The “Joe Budget”

By | 2017-08-15T23:15:29+00:00 August 15th, 2017|Budgeting|0 Comments

There are countless of budgeting methods out there.

If you read a few personal finance blogs, you are likely to come across more strategies than you could even imagine.

You’re likely to find the 80/20 budget, the 2-Category budget, the Values-Based budget, the Zero-Sum budget, and tons of other trendy budgets with fancy names.

While some of these do make sense and may work for some people, at the end of the day, you can just do what works for you.

It doesn’t have to have thousands of proponents who swear by it. It doesn’t have to require an hours work each night. It doesn’t have to require spreadsheets on spreadsheets or anything like that.

It just has to be something that you will actually stick to long-term.

In my opinion, the simpler the better.

Below, I will tell you how I personally budget. It doesn’t have a fancy name and is by no means complicated, but it works for me.

The “Joe Budget”

There are a few simple steps to my newly-anointed “Joe Budget”.

1) Write out all of your income: The first step to figuring out your budget it to simply write out all of your income. Check your pay stubs and any other records of consistent income and write it down. Aside from your job, this may include any “side hustles” you do, any passive income (such as rental properties), and any other recurring money you have coming in.

2) Write out all of your mandatory expenses: There are some things that you simply have to pay for each month. The next step is to write all of these out. These include rent/mortgage payments, utilities, car payments, food, gas, insurance, student loans, other kinds of debt, and anything else that would lead you to trouble if you didn’t pay. Subtract these from your income and automatically set aside this money each week of the month before spending it elsewhere.

3) Figure out how much you need to/want to save: The next step is to come up with a weekly or monthly saving goal. Trying to retire by 40? Cool. Figure out what you need to save to get there (be sure to account for interest from investments). Trying to set up an emergency fund? Nice! How much do you have to put away to hit your goal amount in your desired length of time? Subtract your savings goal from your income.

4) Subtract the non-essential money you know you’re going to spend: So you know how much money is coming in, what has to be going out, and how much should be put away for a later date. Now you know how much money you have left over for the fun stuff – you know – eating out, new clothes, going out with friends, even more saving. Be honest with yourself and think about where this money typically goes and if you’re willing to cut back on any of those places. If you know you’re going to happy hour every Thursday with your buddies, then account for that. If you go to dinner with the wifey every Sunday night, account for that. Too many people try to say they’ll cut these things out of their lives to save money, then end up never doing it.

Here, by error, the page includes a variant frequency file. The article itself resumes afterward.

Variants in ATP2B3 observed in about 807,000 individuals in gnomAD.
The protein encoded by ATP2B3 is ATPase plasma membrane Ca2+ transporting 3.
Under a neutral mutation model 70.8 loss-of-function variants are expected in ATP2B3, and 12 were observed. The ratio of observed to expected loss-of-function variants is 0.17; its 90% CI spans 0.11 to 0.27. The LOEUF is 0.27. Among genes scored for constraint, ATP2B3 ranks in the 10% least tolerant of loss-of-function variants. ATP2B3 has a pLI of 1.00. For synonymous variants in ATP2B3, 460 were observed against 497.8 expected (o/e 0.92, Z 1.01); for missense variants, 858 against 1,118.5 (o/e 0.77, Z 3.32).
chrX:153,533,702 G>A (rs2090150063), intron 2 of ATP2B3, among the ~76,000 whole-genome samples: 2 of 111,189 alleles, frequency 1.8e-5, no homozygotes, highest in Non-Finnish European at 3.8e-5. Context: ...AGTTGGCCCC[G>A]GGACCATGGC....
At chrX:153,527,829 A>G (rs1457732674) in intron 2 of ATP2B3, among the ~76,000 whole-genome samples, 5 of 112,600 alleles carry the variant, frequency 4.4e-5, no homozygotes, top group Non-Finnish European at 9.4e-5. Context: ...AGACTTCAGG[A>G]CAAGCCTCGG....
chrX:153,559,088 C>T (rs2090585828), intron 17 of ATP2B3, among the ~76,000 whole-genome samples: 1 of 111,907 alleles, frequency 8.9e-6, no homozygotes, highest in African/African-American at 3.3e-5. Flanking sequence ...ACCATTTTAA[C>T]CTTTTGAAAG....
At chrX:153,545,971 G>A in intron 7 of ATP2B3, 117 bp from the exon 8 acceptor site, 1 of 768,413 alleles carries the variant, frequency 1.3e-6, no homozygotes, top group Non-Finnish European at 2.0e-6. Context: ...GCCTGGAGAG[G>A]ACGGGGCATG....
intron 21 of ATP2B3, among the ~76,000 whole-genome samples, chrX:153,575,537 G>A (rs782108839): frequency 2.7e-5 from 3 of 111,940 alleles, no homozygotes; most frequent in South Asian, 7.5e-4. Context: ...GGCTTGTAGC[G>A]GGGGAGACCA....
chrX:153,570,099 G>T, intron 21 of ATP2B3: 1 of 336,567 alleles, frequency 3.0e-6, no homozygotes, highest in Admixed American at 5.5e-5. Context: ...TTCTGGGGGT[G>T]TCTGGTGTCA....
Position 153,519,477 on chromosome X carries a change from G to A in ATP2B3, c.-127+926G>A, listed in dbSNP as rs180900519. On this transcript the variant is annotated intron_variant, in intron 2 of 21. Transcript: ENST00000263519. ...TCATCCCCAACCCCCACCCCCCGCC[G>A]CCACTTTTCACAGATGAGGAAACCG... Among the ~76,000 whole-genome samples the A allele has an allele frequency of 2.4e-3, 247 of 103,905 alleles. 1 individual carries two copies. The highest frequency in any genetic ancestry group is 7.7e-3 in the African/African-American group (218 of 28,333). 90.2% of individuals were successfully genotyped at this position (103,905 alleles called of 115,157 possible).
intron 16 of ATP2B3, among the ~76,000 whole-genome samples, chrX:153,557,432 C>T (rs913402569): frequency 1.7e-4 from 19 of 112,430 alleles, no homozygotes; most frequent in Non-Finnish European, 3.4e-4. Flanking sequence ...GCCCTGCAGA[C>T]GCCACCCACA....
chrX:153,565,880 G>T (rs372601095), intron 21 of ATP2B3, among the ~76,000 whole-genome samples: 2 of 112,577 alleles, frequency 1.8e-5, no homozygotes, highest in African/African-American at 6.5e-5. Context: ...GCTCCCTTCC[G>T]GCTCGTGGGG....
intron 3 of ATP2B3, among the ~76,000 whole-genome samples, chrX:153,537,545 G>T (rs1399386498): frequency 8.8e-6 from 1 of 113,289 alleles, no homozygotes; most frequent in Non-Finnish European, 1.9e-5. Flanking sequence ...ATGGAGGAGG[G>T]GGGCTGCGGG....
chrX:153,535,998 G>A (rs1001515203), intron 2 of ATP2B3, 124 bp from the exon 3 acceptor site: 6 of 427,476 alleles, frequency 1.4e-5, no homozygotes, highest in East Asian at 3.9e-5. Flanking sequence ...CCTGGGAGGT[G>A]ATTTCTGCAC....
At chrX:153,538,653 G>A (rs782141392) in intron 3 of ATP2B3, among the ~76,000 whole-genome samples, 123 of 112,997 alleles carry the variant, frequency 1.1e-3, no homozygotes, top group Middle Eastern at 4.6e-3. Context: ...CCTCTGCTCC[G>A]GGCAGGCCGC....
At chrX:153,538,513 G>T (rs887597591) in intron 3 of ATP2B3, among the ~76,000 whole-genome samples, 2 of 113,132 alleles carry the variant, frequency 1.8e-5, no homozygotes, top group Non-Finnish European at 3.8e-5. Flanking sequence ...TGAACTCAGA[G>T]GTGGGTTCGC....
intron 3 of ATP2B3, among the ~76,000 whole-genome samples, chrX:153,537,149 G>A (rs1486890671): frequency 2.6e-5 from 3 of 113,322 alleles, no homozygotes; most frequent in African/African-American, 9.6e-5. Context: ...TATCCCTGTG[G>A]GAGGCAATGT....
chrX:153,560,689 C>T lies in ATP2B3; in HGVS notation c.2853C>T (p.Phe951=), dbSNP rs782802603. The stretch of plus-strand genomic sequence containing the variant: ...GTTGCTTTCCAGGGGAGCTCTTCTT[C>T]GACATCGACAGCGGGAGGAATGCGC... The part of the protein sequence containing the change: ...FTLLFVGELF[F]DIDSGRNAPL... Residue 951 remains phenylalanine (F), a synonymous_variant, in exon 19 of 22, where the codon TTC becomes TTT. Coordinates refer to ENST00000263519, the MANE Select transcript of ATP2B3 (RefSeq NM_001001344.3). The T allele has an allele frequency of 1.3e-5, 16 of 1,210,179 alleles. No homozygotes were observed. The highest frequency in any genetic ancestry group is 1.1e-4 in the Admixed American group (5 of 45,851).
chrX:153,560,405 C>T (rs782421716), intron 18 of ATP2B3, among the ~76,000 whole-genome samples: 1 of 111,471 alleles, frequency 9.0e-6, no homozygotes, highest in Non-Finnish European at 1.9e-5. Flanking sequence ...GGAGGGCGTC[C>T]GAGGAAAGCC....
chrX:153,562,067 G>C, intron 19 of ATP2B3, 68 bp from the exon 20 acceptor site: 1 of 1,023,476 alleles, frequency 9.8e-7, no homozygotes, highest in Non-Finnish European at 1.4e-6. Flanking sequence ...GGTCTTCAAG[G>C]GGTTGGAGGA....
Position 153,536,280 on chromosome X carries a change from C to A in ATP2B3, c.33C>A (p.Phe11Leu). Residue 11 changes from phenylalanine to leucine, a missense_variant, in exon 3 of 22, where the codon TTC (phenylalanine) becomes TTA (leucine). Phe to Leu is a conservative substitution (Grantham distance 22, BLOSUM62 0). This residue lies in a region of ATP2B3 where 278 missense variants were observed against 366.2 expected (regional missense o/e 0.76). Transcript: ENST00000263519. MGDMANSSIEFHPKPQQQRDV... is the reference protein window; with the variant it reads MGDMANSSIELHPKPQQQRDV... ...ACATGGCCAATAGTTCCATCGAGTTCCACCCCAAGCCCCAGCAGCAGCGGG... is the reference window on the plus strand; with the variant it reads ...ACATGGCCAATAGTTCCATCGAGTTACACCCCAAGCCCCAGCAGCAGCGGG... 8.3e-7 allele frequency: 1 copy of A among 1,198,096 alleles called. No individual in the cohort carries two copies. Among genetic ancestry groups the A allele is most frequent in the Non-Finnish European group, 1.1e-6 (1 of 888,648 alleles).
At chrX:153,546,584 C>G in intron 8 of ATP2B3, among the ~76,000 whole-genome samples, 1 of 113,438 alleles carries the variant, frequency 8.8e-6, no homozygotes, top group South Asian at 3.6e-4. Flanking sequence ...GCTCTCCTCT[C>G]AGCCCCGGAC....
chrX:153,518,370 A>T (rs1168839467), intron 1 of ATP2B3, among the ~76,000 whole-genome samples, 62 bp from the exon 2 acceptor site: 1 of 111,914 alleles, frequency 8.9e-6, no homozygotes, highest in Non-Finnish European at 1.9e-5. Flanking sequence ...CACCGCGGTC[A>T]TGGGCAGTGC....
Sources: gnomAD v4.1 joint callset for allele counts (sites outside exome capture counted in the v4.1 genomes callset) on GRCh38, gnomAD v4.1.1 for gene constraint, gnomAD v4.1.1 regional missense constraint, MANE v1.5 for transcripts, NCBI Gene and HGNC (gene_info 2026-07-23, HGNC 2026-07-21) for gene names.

5) Decide what to do with what’s left: You should now have a general idea of how much money you have left after mandatory expenses and expenses that aren’t changing anytime soon. Take a look at what you have left and figure out where you want to put it. This can (and will) change a lot, but I like to have a general idea of where I want my money to go. For example, I like to set aside $25 – $40 bucks each month for a new piece of clothing. Try to come up with a few categories where you can aim to put this other money. It could be going out, more saving, or really anything else you desire.

6) Track your spending and adjust accordingly: This is the key step. Making a budget isn’t enough – you actually need to track it and stay on top of it! You’d be surprised to see where your money is really going once you watch it closer. Those late night trips to the convenience store for snacks or that morning coffee can really add up fast and until you really take a closer look you’d never even know it. I like to use the budgeting app Mint to track my spending so I know where I’m spending my money. After you track your spending for a few weeks, you’ll be able to tell where your budget is going astray. You can then figure out what you can cut out to hit the important goals.

How About You?

While I’m not sure if anyone is reading this blog yet, if you are out there beloved Paper Stackers reader, please comment and let me know what you think of my budget. After writing it out I realized it seems way more complicated than it really is. I promise it’s not!  How about you? What do you like to do for a budget? Is it easier than mine?

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